At the time, I think I more or less assumed The Next Day was David Bowie's farewell album. I neither expected his imminent demise nor discounted the possibility of an And The Day After That coming out in a few years' time once he had a backlog of songs again, whether he lived to see them compiled or not – but with its downbeat sound, recycled cover art and the lack of fanfare with which Where Are We Now was released, it felt every inch an old man's retirement project, hobby doodles to keep his hand in rather than anything particularly fresh and new.
Don't get me wrong, a new Bowie album at that point was a great thing to have, and it was solid, with a bunch of tracks that from any other source would be hailed as instant classics... but it was the "interesting later work" of an artist whose paradigm-shattering years were behind him.
And there's nothing wrong with that: David Bowie had long since earned the right to do whatever he liked without having to blow anyone's mind ever again. How much can you expect from one man? After THAT career, a few extra good choons at the end were bonus enough.
So when I saw the video for Blackstar a couple of months ago, I sat up and paid fucking attention. The plaintive opening stanza that titles
this post hasn't left my mind since. Instantly I was a kid again, watching Ashes to Ashes on Top of the Pops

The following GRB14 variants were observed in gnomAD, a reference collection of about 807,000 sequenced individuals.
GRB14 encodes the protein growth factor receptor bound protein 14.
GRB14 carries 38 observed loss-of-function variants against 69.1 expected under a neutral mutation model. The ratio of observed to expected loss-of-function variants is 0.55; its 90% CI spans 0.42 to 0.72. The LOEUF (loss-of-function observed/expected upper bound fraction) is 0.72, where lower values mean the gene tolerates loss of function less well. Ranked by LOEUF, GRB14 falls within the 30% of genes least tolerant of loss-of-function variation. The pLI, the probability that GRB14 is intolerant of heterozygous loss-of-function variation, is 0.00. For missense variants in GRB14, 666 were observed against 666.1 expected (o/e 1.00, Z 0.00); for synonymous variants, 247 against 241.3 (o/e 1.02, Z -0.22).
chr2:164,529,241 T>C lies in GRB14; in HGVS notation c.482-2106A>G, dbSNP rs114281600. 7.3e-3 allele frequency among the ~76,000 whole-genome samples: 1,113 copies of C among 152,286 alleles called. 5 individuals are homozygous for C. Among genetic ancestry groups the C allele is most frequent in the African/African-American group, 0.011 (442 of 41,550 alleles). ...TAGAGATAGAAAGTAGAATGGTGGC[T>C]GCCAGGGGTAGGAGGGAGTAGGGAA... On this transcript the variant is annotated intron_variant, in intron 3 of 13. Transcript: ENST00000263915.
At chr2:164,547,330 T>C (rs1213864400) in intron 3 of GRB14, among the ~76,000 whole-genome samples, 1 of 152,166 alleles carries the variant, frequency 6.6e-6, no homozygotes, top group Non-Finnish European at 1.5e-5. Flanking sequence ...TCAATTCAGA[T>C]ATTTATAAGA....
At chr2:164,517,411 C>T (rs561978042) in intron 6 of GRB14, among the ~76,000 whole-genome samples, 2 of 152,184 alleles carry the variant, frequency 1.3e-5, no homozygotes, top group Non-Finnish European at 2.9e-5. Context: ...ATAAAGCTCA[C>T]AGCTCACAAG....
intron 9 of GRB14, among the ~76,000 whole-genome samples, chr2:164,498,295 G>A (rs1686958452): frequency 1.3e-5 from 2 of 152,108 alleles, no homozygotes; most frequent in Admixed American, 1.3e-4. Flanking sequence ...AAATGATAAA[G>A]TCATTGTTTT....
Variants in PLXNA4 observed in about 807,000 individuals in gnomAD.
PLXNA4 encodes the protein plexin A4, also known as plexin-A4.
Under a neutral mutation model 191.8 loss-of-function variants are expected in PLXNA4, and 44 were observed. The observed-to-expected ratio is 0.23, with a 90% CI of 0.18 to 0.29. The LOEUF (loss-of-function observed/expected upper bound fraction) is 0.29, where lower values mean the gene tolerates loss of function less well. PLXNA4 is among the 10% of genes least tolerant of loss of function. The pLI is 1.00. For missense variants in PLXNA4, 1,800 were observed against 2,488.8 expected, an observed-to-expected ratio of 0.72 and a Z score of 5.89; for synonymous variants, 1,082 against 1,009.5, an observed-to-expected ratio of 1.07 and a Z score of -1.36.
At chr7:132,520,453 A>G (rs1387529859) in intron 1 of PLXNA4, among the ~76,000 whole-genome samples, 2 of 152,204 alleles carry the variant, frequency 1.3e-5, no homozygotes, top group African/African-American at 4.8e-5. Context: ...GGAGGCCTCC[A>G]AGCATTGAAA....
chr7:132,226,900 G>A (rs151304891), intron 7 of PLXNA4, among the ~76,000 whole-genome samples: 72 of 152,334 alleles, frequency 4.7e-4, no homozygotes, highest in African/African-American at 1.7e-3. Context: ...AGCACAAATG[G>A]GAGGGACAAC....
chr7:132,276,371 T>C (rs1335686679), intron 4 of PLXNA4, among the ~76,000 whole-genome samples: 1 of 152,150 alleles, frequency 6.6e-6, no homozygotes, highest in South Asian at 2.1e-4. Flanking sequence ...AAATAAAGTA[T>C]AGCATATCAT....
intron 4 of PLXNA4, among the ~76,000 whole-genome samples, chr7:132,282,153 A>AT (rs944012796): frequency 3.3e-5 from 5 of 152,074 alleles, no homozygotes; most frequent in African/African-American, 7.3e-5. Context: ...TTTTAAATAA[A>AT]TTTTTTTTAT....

and thinking "What IS this?"
I've seen some artistic comebacks in my time, but this wasn't just Dave the Beloved Entertainer with a surprise new song – this was Bowie the Legendary Weird and Fascinating Visionary Genius, back at the top of his game, knocking it out of the park at escape velocity, firing ideas, riddles and symbols out machinegun style at a world that thought it had caught up with him years ago, cackling "Think again, sunbeam!".
The subsequent release of Lazarus and the full album drop last Friday confirmed that first impression. Haunting, challenging, blackly comic, roaming across genres and influences old and new (one song is in Nadsat, for crying out loud! How didn't that happen already?), it's slimmer and less cohesive than TND, but still arguably his best work in three decades. In retrospect, it seems obvious that cancer had given him a kick up the arse, or at least a final challenge worthy of of his talents: David Bowie versus Death Itself. But mortality and transformation have been such longstanding themes in his music that it wasn't obvious at all. It felt like a renaissance, not a valediction.
And now, abruptly, that's yer lot.
What a way to go. What an encore. That, ladies and gentlemen, is showmanship with a capital SHOWMANSHIP.
Always leave them wanting more.